... One of many reasons to paint

I paint when I feel stressed, feel trapped by life, when my enthusiasm and ability to act in one way or another have been constrained. When i disappear into the painting, I let go of the limitations, requirements and expectations, which works as an accusing finger - all the time it points and corrects.


When I first let my brush lead the colors on my canvas, for a moment I let go of the darkness, which had a tendency to drag me down and away. A darkness and hopelessness that just sneaked up on me without my conscious mind taking any notice. My words disappeared, and I had no language, to explain and make the best of me. I was trapped in a fear universe and could not even describe what scared me - it was indefinable. I gasped for breath and let the tears flow, when I no longer was able to stop them. They were flowing and flowing down my cheeks, and sometimes I wondered will they ever stop. However, it was only a thought that lied behind it all, and it didn't prevents the free flow of my tears.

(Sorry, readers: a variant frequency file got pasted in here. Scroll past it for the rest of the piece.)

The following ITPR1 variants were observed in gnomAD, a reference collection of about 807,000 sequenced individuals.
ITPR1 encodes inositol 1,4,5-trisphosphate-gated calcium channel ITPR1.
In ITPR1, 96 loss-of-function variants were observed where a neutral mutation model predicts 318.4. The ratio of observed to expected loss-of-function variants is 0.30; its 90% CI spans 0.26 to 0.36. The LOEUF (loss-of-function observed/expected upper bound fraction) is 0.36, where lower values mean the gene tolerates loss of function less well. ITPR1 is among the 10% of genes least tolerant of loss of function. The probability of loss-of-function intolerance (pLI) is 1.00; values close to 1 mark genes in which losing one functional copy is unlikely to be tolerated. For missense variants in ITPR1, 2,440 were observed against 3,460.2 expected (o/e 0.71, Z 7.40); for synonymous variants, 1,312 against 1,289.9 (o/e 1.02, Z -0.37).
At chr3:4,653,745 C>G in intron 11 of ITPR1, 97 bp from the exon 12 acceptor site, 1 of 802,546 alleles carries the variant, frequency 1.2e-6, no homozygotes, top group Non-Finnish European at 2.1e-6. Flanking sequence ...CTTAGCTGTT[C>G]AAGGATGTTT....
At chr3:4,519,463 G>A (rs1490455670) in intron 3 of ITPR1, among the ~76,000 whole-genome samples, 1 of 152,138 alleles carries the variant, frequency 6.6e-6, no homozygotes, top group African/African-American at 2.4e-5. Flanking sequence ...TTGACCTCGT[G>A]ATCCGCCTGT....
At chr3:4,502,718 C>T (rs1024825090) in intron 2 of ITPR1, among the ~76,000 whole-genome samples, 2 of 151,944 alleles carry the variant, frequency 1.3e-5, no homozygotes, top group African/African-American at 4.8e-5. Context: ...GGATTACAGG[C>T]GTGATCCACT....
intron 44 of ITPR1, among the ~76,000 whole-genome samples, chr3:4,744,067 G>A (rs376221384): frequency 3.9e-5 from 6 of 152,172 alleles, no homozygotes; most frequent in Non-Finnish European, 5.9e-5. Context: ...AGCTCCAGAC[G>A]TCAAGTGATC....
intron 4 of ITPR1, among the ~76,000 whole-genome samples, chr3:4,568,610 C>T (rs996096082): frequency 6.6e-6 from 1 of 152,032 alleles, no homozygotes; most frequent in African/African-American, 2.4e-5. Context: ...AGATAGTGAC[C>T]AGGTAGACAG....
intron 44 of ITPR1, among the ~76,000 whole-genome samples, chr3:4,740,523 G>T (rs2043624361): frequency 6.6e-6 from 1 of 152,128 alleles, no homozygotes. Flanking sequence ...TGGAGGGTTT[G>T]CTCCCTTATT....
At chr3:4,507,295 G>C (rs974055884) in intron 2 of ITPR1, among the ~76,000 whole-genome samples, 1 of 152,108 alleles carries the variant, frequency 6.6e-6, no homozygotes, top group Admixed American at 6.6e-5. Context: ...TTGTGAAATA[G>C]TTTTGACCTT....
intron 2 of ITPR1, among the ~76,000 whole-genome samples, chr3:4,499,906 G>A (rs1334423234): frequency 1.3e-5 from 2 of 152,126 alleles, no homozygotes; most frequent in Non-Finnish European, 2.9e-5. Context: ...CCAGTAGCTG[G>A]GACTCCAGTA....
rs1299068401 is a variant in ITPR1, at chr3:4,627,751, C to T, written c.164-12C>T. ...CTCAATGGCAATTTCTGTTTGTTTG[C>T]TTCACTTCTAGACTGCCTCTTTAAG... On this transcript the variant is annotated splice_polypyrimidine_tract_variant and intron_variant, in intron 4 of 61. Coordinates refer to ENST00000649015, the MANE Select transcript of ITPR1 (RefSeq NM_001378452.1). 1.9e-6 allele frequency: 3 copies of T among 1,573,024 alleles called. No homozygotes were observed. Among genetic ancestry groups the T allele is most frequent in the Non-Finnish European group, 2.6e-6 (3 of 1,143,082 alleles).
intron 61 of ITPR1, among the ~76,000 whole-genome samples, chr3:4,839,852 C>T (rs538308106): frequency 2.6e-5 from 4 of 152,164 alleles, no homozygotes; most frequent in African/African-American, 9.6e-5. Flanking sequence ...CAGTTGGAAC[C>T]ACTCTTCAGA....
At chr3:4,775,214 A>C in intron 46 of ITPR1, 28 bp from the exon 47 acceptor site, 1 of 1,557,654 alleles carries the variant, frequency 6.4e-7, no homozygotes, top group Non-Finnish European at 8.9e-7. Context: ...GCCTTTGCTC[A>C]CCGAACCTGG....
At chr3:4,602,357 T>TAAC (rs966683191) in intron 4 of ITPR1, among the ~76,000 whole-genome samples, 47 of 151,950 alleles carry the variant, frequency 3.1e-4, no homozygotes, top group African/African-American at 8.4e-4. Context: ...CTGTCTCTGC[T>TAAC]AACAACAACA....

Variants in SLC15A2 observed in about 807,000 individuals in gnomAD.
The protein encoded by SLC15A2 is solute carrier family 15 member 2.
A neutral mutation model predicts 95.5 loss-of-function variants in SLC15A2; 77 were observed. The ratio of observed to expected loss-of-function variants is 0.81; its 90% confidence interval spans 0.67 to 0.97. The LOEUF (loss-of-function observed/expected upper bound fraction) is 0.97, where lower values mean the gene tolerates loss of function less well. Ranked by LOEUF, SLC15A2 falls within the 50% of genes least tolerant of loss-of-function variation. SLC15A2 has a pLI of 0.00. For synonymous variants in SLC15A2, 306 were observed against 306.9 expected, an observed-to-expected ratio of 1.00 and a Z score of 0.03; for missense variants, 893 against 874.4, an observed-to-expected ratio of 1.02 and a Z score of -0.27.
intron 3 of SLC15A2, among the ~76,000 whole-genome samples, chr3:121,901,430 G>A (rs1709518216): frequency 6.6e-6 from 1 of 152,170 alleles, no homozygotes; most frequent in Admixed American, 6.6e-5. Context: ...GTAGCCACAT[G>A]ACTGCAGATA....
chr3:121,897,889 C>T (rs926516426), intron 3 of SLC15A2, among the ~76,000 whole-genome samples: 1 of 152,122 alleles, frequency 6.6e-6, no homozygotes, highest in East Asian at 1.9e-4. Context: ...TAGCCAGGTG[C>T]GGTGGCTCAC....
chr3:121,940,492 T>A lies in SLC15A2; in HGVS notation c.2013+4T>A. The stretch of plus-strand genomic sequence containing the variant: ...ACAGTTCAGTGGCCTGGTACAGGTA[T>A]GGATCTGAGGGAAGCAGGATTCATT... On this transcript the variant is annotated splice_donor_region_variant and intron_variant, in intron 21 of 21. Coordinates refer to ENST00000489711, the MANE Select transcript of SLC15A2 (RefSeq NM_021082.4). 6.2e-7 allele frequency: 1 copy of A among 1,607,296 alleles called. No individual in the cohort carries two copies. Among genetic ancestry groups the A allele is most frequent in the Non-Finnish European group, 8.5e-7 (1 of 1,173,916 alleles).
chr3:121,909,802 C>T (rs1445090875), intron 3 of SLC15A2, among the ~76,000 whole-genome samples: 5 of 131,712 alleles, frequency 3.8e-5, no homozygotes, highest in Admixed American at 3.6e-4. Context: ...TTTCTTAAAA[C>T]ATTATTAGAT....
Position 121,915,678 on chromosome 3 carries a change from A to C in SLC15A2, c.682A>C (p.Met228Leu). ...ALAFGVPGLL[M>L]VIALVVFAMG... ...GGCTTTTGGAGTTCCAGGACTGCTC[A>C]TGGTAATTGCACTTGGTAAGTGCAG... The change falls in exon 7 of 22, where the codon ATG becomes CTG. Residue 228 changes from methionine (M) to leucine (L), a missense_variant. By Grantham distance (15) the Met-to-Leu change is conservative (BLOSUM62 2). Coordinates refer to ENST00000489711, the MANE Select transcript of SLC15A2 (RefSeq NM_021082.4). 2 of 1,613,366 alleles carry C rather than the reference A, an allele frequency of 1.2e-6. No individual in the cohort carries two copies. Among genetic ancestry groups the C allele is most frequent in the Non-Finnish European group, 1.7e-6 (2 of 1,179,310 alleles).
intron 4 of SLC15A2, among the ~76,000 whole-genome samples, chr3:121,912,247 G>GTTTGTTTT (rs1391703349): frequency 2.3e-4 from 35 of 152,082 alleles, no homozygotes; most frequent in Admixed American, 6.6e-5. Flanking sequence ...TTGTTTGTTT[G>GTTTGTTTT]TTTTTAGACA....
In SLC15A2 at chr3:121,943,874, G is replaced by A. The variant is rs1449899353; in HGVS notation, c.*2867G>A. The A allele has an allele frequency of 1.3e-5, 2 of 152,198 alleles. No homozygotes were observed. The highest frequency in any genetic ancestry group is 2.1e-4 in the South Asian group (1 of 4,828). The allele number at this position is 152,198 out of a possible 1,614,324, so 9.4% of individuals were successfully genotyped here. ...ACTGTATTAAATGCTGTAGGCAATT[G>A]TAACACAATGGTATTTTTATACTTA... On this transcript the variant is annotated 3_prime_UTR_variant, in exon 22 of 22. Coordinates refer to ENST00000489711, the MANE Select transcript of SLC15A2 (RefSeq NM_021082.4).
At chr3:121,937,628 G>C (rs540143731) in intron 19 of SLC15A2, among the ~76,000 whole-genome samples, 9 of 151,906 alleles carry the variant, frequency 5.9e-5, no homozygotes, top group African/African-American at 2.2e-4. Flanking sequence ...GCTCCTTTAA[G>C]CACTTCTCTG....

When my dear husband bought me an easel and a canvas, I glanced at it and could not find that, it had anything to do with me. Like I'm not here, I'm gone. He put the canvas on the easel and left to make some coffee. He was nursing and created his own kind of fun and coziness, and let me be me. It's great, and I know no one like him who can make me feel loved unconditionally, without I have to play the role of the prevented one or to be someone other than who I am right now and in a moment.


In one way or another, he knows that painting makes me happy. It makes me feel free. There are no strings and no words are needed. I can just let the colors and canvas live their own lives. There is nothing to consider, no demands and no judgment. If something does not work for me, I can just paint it over and paint something else. Nothing is too late and everything is possible. There are no errors, no mistakes, and everything is exactly, as it should be. Not perfect in comparison with conventional standards, but perfect in relation to the sense of joy and peace that arises in me, both while I paint, and when I look at the finished result. The painting has served its purpose and becomes an anchor for a happy state.


Therefore I seize the brush again and again, and let the painting be my therapist until I have finished the process I'd rather not know of, and yet it is forcing itself on me and take my wit and my time.


I sip the coffee, suddenly standing by my side. My body gets started, and before I know it, I stand by the blank canvas and let the colors fill the empty space